8. brownblackandqueer / Feb 19 2009 12:37 am

    It’s so insensitive. All of it. And superficial.

    The process by which whites became a blanket group of people, not people from different European countries, is NOT comparable to the process that blacks have become black.

    Black slaves did not claim blackness initially to unite. They were forced to. They were erased of any individuality, not just of course based on nationality (country or region or tribe or family), but that’s a start.

    It’s not enough to just ask where people’s families are from. Why are you here now? What brought you here? Who brought you here? To invoke these stories, migration stories, must be done properly identifying how free or intentional the migration was. This is not to say that Americans with European ancestry all just hopped on over to the states easily, but that these stories must be told with regard to the deeply emotional (even if we’re desensitized or we don’t know how to feel) experiences instrinsic to them. Otherwise, it would be so surface and insensitive, and therefore problematic.

    Okay, fine, the blacks “don’t know” where they’re from. But so what? Where’s the attempt to talk about WHY they don’t know?

    Maybe some of the white folks in the room can tell us why the blacks don’t know where they’re from. Do they have slave stories?

    Kudos, professor, for being so provocative.

  9. nails / Feb 19 2009 11:24 pm

    thank you black scientist.

    I didnt think about the isolation factor, i was thinking about how i cant wait to talk about feminism and such when asked, but i suppose it is a lot easier when there are generally many other women there to discuss it with and i dont have pressure to showcase the idea to a bunch of guys who really wont every be in my shoes on the issue. It will be at least 30% of any class unless i do engineering/IT stuff… the post makes a lot more sense now. thanks again!

  10. daisymae81 / Feb 28 2009 3:11 pm

    it irritates me when academic administration will “split up” the “minority” students (i use quotes because i dislike the terms, but want to convey the mindset of those who make the decisions) into seminar classes so that all the white kids get access to a student who is expected to represent an entire race/history and fill in the “gaps” that their whiteness can’t.

    very few professors are adept at conveying messages about race, class, and gender without alienating students.

  11. public school teacher / Mar 9 2009 10:26 am

    Interesting comments. I found this blog while searching for articles that discuss race and education. As a social science teacher in a public school, I face the issues of teaching about race relations in history… As much as I try to approach the subject in a way that treats all students like Americans (people from the same place with a common culture), I find that black students tend to withdraw from class discussion when the issue of slavery is presented. Perhaps this is because my classess are typically 85% caucasion – it would obviously be difficult to be the single minority voice expected to speak for an entire race of people… Still, the economic and political influence of slavery on American history requires that I teach the subject. While I would never single out students like the prof. in the initial blog, I still face the difficulty of reaching every student. How can education discuss race and still transcend race?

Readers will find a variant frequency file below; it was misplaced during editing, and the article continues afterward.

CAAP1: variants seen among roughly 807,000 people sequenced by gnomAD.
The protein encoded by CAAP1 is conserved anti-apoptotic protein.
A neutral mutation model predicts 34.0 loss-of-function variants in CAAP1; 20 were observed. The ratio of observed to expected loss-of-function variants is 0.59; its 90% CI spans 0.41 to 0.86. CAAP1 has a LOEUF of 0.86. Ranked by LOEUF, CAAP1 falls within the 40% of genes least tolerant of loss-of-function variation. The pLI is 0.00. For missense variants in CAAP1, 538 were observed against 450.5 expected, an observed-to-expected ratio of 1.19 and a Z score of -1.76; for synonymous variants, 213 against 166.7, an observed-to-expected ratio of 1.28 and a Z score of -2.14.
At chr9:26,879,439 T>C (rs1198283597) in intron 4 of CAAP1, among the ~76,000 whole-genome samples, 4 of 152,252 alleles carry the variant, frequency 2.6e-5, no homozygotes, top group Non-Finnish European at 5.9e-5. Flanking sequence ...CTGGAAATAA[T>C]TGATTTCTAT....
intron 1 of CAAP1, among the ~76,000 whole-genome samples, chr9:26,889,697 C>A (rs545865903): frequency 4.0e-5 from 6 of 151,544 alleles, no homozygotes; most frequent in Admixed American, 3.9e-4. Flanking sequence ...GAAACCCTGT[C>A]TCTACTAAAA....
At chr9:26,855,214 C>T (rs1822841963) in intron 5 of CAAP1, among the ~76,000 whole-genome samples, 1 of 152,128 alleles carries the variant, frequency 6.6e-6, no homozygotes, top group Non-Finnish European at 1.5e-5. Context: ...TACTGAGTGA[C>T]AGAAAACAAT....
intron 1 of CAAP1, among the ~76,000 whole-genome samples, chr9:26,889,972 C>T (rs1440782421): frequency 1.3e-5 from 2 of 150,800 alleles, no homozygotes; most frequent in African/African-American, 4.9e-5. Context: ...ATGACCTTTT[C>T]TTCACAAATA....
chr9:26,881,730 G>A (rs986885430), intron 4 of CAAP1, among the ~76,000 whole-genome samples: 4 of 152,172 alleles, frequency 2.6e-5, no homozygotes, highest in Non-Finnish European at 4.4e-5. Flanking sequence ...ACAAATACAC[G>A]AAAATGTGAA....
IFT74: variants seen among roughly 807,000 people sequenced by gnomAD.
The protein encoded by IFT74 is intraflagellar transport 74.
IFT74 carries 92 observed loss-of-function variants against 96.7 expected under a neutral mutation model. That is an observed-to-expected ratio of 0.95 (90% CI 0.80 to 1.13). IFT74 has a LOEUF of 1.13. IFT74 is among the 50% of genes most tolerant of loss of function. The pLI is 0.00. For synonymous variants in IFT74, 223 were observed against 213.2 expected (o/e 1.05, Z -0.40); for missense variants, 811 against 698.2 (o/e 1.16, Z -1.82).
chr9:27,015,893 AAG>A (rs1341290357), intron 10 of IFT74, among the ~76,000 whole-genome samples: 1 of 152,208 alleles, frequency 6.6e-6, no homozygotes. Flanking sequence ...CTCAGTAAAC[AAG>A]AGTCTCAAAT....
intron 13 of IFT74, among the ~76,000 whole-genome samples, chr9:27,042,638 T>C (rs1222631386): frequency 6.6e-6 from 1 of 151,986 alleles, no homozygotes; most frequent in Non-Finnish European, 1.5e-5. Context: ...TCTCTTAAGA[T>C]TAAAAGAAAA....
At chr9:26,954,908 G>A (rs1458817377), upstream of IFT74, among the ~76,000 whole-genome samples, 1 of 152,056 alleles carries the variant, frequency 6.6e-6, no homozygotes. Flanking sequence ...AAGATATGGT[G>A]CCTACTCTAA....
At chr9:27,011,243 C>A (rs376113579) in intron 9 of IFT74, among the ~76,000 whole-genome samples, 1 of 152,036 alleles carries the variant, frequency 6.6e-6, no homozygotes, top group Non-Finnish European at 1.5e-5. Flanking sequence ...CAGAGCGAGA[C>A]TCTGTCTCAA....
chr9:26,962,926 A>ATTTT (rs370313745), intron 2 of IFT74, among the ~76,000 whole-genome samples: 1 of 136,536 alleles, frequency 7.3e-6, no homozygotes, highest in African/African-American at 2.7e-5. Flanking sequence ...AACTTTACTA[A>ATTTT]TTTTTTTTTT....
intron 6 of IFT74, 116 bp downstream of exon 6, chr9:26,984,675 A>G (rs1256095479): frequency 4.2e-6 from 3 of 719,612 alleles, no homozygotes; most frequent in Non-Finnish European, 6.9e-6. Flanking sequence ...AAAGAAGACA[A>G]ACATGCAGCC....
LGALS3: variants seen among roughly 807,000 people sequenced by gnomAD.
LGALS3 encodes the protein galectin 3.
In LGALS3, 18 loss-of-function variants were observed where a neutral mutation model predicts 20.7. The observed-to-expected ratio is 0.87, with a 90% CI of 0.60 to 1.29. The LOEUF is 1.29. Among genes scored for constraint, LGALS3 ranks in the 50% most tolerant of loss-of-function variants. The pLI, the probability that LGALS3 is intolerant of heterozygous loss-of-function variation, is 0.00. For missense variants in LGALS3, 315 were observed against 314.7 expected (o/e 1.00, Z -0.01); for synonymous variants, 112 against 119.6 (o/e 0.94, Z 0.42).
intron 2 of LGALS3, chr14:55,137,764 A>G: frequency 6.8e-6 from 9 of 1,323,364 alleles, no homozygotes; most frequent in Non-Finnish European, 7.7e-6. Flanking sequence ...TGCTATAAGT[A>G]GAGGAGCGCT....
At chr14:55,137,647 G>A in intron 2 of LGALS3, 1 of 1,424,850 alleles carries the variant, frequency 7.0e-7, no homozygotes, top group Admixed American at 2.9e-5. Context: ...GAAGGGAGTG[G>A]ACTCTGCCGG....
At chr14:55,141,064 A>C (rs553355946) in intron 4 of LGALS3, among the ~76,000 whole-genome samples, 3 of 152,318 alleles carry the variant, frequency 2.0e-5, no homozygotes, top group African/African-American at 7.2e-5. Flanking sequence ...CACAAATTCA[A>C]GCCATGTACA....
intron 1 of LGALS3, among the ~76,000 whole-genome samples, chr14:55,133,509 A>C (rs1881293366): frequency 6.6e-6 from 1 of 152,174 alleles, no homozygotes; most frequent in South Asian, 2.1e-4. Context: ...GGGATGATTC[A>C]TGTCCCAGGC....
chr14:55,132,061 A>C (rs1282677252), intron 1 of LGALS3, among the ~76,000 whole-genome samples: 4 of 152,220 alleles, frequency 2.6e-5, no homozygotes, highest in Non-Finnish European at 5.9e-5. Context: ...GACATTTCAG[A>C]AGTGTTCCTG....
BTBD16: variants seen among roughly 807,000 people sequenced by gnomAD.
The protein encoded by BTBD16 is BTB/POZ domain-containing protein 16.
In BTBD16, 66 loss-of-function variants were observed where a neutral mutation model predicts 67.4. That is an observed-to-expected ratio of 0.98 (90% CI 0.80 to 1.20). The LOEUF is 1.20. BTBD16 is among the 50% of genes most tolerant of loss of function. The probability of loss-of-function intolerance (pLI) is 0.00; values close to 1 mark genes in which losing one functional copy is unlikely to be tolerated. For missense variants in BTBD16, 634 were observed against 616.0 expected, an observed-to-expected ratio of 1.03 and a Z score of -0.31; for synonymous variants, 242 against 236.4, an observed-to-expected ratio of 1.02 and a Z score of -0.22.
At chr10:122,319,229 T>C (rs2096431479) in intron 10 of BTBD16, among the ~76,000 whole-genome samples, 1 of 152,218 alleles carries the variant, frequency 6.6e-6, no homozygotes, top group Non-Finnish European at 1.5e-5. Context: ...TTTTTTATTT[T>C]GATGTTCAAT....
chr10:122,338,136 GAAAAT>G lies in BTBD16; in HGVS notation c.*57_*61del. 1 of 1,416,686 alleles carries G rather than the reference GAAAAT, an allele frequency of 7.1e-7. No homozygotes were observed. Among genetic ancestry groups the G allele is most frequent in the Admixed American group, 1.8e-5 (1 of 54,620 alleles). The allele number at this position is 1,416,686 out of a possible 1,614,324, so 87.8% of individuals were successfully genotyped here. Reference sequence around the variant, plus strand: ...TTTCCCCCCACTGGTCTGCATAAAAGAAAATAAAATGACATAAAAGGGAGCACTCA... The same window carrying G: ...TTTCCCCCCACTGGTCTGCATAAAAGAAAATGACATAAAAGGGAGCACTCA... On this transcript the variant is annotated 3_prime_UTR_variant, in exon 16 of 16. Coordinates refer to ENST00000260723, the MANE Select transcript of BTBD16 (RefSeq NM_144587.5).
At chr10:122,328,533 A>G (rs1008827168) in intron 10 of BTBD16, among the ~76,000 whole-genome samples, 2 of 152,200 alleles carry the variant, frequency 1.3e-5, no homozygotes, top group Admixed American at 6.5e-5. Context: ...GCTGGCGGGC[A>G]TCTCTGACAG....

• the black scientist / Mar 9 2009 5:50 pm

      hi public school teacher, glad you came across the blog :)
      off the top, i would say an important aspect to teaching black history is to not just teach slavery and mlk jr . and this is a challenge that teachers face at many levels of education because most of what we learn is by default white, particularly when it comes to history. but it is important that ‘black history’ or american indian history or chinese american history, or whatever, not only be taught as a one week segment to fill a requirement. if instead we write ‘all other people’ into american history (which is how it happened anyway), then they become a genuine part of the lesson, as opposed to a supplement. i would imagine this to be particularly challenging when you’re given a specific curriculum to get through for the year, as most public school teachers are. but it seems like a plausible way to make race less taboo in the classroom. as it is, students might get uncomfortable because until black history month, (in classrooms) we don’t acknowledge that other races exist. i feel like there is a way to facilitate a discussion that spans the academic year in which there is a constant awareness and inclusion of diverse and complicated narratives in the curriculum. not to say this makes teaching about slavery easy necessarily (and especially not for minority students in a predominantly white classroom), but it might make it less of a specialized event and students may feel more a part of a critical ongoing dialogue, instead of a tangent.